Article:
US Supreme Court to consider Minnesota law barring political clothing at polls

Justices Take Up Ban on Political Clothing at Polls

Justices Take Up Ban on Political Clothing at Polls

The U.S. Supreme Court will consider whether a Minnesota law banning political items in and near polling places violates free speech rights.

The group's executive director, Andrew Cilek, was turned away by election officials in 2010 for wearing a Tea Party shirt and a "Please I.D. Me" button, which a district court found were part of a campaign to get the state to enact voter ID laws.

"The court of appeals' legal conclusion that the interior of a polling place is a non-public forum in which speech restrictions are constitutional as long as they are reasonable and viewpoint neutral is the same conclusion reached by every court that has analyzed the issue, " wrote Daniel P. Rogan of the Hennepin County Attorney's office. The alliance sued several Twin Cities election officials and Secretary of State Steve Simon.

The court will decide the case next year, before the congressional midterm election.

Minnesota Statute § 211B.11 prohibits wearing a "political badge, political button, or other political insignia.at or about the polling place on primary or election day".

But the Pacific Legal Foundation, a conservative firm that is representing the Minnesota Voters Alliance, claims the 8th Circuit's decision to uphold the law "effectively chills the free speech rights of millions of voters across the country by threatening criminal prosecution or civil penalties for voters who wear logo t-shirts, caps, jackets, buttons, and other apparel in state-declared speech-free zones".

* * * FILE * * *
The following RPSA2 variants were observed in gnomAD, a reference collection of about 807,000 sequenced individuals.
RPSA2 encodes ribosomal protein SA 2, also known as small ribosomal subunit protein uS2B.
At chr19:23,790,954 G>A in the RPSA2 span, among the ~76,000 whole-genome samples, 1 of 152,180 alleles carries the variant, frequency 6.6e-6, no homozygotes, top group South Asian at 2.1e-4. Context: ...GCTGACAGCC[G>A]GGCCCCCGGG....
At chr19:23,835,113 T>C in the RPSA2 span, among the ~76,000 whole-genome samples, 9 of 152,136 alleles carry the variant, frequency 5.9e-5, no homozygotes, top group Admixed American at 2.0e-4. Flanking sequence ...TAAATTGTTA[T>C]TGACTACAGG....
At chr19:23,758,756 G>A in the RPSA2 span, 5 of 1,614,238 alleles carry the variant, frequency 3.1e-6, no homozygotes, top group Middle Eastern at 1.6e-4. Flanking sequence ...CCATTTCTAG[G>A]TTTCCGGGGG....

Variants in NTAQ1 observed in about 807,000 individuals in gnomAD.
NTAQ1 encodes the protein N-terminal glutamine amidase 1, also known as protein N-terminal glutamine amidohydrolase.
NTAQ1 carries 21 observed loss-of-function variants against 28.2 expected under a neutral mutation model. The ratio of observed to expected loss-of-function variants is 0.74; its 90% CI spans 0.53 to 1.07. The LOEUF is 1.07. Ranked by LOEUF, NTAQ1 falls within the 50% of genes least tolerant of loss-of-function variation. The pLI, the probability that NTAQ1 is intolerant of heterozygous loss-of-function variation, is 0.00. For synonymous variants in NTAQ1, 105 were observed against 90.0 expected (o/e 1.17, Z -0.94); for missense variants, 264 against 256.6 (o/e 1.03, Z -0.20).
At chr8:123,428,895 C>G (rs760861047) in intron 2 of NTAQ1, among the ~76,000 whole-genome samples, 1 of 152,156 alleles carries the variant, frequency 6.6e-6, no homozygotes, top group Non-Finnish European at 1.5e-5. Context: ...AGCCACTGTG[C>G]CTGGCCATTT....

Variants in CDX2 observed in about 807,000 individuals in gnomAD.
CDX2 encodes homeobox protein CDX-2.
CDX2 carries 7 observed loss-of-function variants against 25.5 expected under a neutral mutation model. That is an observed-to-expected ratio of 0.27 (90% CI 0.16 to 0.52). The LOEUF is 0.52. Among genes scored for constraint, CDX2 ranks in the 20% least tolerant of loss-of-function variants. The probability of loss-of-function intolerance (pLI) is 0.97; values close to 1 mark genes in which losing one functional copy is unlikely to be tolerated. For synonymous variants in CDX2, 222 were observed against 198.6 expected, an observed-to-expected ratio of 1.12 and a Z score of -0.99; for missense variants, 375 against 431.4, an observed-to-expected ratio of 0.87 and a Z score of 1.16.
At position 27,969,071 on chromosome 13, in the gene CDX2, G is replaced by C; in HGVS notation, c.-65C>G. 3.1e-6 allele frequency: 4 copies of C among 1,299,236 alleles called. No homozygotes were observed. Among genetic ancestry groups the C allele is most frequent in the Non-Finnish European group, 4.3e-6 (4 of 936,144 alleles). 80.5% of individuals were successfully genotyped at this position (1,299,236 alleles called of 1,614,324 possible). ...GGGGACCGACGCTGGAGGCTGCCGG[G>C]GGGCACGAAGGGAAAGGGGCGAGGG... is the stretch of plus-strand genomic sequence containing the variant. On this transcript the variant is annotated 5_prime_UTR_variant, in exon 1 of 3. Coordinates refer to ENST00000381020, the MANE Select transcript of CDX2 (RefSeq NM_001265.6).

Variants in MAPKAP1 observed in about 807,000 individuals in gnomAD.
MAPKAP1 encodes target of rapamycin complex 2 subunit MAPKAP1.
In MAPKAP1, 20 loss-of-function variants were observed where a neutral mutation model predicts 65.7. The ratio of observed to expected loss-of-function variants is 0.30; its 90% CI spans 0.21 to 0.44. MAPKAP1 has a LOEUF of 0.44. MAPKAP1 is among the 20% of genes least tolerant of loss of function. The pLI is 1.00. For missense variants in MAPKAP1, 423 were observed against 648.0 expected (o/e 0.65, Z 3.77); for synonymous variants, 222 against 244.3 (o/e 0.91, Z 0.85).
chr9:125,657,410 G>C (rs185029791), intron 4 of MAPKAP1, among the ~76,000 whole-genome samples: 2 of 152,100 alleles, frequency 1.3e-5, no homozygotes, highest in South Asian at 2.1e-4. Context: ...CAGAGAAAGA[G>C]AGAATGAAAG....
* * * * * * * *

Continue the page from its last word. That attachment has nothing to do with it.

Lawyers for the state urged the Supreme Court to stay out of the case and leave in place a lower court opinion that went against Cilek. The area of the ban begins 100 feet from the polling place door, and violators can be charged with a Class C misdemeanor, which carries a fine of up to $500 but no jail time.

Dan McGrath, a spokesman for the Minnesota Voters Alliance, said he believes Minnesota's law targets people who are "innocently expressing a view".

It is one of three free speech cases the court put on its docket for early 2018. The centers, operated by groups that oppose abortion rights, have argued that the law violates their First Amendment rights.

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